People in my Neighborhood

A short story

Hello,

I woke up this morning with a memory floating around my head. If you know me in real life, it’s probably a story I’ve told you before, but I’ve never actually committed it to paper, and I want to tell it to you now.

A long, long time ago, a close friend asked her friends to meet her in New York to celebrate her impending nuptials. Now, it wasn’t quite a bachelorette party, with sashes and penis straws and belly shots, but it was an opportunity for us to get together and celebrate our friend and the fact that she was getting married, something she had wanted for a very, very long time.

The problem was, I didn’t want her to get married to this particular guy. There are lots of gory reasons why; let’s just say they were good reasons and leave it at that. Anyway, we were getting together to celebrate my friend, is the way we all looked at it. It was a nice evening night out. My friend had moved away from New York by then, and so had I, but it was nice to re-live our days together as single women tearing around town and being irresponsibly drunk. Plus, I got to meet some of my friend’s other lifelong friends, people who predated me, and I’d known my friend for close to a decade.

At the end of the night, we found a taxi cab driver who was willing to let six of us into his cab (it was his last fare of the night), and since I was staying the furthest north, I was also the last to be dropped off.

The cab driver engaged me in some conversation en route:

“She’s getting married, is she?”

“Yeah.”

“You don’t seem very happy about it.”

“I’m not.”

I can’t possibly detail the conversation that took place after this little exchange, because this is not a novel: I sat in his cab for 45 minutes, talking to him through the little transom window, about my friend and our friendship and what it meant that I didn’t feel I could go to her wedding and stand up for her union with this person.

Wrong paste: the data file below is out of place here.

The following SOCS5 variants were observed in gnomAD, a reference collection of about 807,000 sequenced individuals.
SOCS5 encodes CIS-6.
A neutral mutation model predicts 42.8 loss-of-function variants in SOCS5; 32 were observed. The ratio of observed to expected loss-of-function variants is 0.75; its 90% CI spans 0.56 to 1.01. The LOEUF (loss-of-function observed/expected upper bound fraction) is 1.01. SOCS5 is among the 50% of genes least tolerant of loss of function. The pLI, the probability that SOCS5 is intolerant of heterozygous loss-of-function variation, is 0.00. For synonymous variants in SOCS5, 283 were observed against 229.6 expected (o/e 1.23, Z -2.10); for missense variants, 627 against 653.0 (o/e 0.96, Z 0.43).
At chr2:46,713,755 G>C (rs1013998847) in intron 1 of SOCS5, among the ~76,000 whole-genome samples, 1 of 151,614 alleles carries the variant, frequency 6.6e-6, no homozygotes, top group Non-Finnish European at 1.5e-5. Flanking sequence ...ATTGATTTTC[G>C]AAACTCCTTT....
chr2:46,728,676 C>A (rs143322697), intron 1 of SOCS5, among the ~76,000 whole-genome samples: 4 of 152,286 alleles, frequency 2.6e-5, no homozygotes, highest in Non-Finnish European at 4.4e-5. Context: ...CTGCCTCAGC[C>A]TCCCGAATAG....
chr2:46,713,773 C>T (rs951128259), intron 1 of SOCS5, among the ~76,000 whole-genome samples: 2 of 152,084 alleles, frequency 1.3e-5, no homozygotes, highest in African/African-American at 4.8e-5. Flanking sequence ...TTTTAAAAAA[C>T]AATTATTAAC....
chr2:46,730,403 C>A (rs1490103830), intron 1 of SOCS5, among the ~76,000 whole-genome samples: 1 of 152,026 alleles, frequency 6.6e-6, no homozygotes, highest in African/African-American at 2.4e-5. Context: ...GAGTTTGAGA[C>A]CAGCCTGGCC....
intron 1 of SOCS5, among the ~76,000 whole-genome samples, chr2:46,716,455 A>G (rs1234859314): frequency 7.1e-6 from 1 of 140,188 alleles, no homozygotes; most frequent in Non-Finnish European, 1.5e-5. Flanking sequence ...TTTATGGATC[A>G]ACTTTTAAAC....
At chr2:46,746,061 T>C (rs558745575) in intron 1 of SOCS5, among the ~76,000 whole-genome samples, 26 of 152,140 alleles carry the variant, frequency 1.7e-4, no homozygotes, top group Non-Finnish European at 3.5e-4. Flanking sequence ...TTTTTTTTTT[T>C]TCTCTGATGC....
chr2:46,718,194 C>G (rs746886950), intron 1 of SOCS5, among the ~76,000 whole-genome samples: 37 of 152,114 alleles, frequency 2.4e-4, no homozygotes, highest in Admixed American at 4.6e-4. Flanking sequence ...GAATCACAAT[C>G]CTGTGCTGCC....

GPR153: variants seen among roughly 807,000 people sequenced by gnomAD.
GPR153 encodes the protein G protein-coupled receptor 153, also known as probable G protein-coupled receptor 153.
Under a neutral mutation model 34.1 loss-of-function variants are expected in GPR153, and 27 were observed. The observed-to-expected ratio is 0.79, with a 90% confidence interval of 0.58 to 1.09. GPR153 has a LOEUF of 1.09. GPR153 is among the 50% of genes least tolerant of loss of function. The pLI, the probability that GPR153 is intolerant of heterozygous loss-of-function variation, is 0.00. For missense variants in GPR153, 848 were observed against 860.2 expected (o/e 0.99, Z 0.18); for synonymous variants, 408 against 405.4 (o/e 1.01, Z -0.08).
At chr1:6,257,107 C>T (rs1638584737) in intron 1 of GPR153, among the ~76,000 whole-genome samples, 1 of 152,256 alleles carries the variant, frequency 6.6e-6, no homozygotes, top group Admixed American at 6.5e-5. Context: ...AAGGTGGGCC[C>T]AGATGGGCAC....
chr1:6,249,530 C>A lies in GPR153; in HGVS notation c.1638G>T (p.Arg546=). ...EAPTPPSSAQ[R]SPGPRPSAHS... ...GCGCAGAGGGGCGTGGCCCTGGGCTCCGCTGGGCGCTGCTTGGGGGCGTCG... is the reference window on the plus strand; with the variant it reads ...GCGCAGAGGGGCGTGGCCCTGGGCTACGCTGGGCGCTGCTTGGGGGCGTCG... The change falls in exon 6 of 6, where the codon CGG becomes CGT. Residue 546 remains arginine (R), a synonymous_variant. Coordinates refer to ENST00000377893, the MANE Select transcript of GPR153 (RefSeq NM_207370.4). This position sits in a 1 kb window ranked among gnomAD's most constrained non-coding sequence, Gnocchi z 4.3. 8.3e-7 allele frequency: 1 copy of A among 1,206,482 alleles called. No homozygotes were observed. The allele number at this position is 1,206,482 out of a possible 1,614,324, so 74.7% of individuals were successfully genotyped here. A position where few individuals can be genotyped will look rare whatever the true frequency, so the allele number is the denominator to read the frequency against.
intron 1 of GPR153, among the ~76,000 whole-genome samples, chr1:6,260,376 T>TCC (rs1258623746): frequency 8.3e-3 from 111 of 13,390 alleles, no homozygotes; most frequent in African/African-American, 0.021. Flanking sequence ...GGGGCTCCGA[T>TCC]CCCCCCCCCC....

You guys. 45 minutes. I remember the glow of 2nd Avenue; the light bouncing off the asphalt, gold in places and turning red…green…yellow in other places. Red…green…yellow, over and over again, and we talked about what friendship means and whether or not I should go to this wedding. I remember he had a piece of paper in his hands, and he folded it over and over again, and then unfolded it and started all over, as he listened and gave me feedback and talked to me about what I should do and what it would mean if I did or didn’t go.

In the end, his advice was this: You need to go to this wedding, because if you don’t, and the marriage falls apart, she’ll never know if she can trust you to support her.

In the end, I didn’t go to the wedding. My friend was hurt, and angry for a very long time. I don’t blame her, although part of me knows it was better for me not to go, and the other part of me is so deeply regretful that I didn’t go. In some ways I haven’t progressed past that night in the cab.

But of all the amazing things there were to remember that night–being near my good friend, meeting the other people who were important in her life; backtracking through time, it seemed, to a place I thought I’d left behind–I return to that conversation with the cab driver most often. His kindness; the fact that he was willing to give me some time out of the end of his night (and no, there weren’t any expectations or anything gross like that you guys); his very good advice–

I’m so glad someone out there like that exists in this world.

Now I’ve told you this story, and I hope you get as much out of it as I did experiencing it. It cemented something I was beginning to really actively practice back then: everyone has something to offer you.

photo: inquisitr.com

photo: inquisitr.com

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Writer, editor, general crazy-pants.